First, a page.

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It is an image so sweet and innocent to be worthy of tears: Winnie-the-Pooh and Piglet walking home in the golden evening having said good-bye to their friends in the Hundred Acre Wood following Christopher Robin's party for Pooh.

Signed by artist Ernest "E.H." Shepard, this original final drawing of Pooh and Piglet in the Hundred Acre Wood, arguably the most important Winnie-the-Pooh drawing in existence, is available at Bonhams Fine Books and Manuscripts Auction December 13. Pre-auction estimates for the pen and ink on board illustration (10 1/2 x 4 1/2 in): $250,000-$350,000.

Winnie the Pooh final

The final drawing of Pooh and Piglet in the Hundred-Acre Wood offered at Bonhams December 13. 

A.A. Milne’s children’s classic Winnie-the-Pooh was first published in 1926. Milne wrote the story for his son, Christopher Robin, and it became an international bestseller. Winnie-the-Pooh may well be the most universally loved character in all of children’s books.

Winnie-The-Pooh

Winnie-The-Pooh by A.A. Milne and illustrated by Ernest "E.H." Shepard was first published in 1926.

Shepard (1879-1976) drew his illustrations first in pencil and finished them in India ink, making alterations as he went along. Then he erased the pencil. You can still see on the drawing in pencil that he originally drew Piglet's arms hanging by his side before deciding on the more endearing gesture of clasping them behind him.

English illustrator Ernest "E.H." Shepard received the Order of the British Empire in 1972, an honor he richly deserved for his contribution to the world of art and, in particular, to children’s book illustration.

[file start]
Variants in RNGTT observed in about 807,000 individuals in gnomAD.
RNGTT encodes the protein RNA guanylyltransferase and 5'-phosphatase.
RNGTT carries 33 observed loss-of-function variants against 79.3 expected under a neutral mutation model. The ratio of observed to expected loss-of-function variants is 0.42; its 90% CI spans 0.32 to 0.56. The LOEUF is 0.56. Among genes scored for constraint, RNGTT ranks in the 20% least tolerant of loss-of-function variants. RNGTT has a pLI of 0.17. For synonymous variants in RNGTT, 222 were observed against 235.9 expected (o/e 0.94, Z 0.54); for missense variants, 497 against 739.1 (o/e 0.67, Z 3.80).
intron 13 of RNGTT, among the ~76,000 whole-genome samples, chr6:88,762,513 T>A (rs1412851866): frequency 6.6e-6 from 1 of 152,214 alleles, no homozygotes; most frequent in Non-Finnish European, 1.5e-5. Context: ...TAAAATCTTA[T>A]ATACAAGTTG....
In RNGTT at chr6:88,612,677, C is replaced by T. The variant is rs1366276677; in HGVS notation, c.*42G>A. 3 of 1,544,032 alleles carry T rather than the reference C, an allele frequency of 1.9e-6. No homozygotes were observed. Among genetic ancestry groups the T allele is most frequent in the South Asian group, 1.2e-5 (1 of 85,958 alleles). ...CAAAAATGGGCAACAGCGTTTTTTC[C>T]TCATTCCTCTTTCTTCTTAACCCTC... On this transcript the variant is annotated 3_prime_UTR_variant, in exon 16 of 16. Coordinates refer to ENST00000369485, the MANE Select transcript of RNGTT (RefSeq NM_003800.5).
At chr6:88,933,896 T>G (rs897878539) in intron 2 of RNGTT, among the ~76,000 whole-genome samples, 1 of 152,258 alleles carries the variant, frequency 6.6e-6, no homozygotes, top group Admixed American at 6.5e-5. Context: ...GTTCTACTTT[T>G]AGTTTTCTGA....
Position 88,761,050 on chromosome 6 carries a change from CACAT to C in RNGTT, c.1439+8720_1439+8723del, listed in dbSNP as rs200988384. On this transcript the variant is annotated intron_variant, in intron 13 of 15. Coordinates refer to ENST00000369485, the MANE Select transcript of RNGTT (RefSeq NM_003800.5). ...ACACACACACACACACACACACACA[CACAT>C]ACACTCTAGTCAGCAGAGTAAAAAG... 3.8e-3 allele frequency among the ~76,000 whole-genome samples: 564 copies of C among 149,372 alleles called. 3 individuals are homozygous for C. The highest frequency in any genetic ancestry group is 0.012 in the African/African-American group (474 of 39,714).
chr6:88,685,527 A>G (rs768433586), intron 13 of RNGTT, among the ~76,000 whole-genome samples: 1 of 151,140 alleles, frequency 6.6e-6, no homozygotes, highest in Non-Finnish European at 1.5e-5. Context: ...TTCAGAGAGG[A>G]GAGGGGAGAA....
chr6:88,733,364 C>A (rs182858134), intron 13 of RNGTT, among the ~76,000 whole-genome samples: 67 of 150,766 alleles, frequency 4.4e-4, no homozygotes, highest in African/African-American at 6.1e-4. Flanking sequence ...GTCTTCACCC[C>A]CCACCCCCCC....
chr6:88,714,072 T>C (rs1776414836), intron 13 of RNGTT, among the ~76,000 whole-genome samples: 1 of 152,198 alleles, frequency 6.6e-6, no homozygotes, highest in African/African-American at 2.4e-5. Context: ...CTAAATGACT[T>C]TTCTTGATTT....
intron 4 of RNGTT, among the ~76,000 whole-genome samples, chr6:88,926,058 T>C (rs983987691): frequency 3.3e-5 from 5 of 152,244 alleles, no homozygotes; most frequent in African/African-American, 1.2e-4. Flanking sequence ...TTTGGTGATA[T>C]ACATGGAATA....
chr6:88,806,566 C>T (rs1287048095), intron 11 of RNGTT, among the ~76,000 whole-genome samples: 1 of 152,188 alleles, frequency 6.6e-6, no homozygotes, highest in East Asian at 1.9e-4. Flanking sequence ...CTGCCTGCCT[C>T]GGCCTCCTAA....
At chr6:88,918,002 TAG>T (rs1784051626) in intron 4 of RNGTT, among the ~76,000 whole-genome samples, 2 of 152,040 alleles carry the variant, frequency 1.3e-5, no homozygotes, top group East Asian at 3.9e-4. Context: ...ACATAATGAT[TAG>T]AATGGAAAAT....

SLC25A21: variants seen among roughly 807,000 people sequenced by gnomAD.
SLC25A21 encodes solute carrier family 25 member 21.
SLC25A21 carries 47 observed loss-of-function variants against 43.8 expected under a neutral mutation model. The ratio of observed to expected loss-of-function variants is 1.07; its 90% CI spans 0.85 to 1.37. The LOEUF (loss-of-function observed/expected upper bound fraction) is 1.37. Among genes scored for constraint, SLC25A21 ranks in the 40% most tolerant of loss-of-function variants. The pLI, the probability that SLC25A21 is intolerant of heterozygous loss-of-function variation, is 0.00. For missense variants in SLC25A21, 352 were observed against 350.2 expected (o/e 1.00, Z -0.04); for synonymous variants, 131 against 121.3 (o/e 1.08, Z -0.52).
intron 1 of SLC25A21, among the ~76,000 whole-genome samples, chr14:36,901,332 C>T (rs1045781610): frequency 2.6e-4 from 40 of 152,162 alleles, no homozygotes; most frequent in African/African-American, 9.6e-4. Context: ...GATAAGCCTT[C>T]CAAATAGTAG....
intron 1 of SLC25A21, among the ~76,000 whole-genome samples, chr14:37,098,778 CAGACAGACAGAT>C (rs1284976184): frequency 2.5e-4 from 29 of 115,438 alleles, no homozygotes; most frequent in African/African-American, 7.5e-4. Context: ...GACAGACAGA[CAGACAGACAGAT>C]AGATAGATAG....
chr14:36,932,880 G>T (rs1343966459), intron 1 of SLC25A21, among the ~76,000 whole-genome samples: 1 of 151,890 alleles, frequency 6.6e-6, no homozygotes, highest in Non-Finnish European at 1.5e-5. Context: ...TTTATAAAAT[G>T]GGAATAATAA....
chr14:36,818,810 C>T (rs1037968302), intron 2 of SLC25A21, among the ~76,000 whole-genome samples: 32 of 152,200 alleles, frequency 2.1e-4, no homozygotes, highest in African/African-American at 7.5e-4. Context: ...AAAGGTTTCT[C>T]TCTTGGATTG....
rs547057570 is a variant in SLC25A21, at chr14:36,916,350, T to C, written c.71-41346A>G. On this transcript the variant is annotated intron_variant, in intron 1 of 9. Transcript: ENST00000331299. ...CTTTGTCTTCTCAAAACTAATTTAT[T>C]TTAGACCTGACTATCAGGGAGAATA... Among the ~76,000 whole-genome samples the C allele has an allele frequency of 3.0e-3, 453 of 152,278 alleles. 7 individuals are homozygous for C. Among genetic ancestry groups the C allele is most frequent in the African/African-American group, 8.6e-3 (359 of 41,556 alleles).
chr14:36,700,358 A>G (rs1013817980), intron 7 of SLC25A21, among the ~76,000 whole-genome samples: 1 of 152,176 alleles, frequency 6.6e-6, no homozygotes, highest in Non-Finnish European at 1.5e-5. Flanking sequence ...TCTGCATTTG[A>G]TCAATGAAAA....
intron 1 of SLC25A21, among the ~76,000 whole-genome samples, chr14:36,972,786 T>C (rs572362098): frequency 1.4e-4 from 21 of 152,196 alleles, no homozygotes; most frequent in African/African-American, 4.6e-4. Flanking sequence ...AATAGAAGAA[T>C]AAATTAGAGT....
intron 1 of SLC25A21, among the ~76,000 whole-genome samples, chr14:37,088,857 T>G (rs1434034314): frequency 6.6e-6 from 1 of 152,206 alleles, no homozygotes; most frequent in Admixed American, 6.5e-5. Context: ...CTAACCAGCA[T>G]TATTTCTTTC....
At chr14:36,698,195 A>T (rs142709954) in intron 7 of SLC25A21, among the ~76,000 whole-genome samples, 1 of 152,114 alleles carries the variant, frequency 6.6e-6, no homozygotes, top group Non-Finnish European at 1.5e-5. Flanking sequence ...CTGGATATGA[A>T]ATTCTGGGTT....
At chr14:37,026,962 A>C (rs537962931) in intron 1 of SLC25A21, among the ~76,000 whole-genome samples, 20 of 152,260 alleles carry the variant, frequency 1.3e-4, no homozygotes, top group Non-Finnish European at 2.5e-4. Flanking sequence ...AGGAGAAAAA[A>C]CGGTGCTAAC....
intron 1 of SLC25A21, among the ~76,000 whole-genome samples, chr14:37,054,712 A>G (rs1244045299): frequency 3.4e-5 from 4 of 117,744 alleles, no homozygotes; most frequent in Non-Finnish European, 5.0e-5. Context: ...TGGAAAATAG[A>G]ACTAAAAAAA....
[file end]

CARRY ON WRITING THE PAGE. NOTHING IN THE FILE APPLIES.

English illustrator Ernest "E.H." Shepard received the Order of the British Empire in 1972, an honor he richly deserved for his contribution to the world of art and, in particular, to children’s book illustration.

The illustration captures a beautiful moment in the story, just before Pooh and Piglet turn back into ordinary toys. This elegant and wistful drawing represents the last drawing in the Hundred Acre Wood, ending one of the most adored and enduring tales in literature – but not before giving readers one last smile.

"When you wake up in the morning, Pooh," said Piglet at last, "what's the first thing you say to yourself?"
"What's for breakfast?" said Pooh. "What do you say, Piglet?"
"I say, I wonder what's going to happen exciting today?" said Piglet.
Pooh nodded thoughtfully.
"It's the same thing," he said.

And thus, Christopher Robin and Pooh's time in the Hundred Acre Wood in the original book of Winnie-the-Pooh ends, beneath this charming illustration. The book briefly continues, ending with the narrator promising to continue more tales of Pooh and friends, "if you wanted it very much." "Pooh does," is Christopher Robin's response. And he walks upstairs to the bath, with Pooh bump-bump-bumping behind him.

For more information on the auction, go to Bonhams.com.

Hundred Acre Wood Map

E.H. Shepard's original map of the Hundred Acre Wood from Winnie-the-Pooh sold for $568,761 at Sotheby's London in 2018

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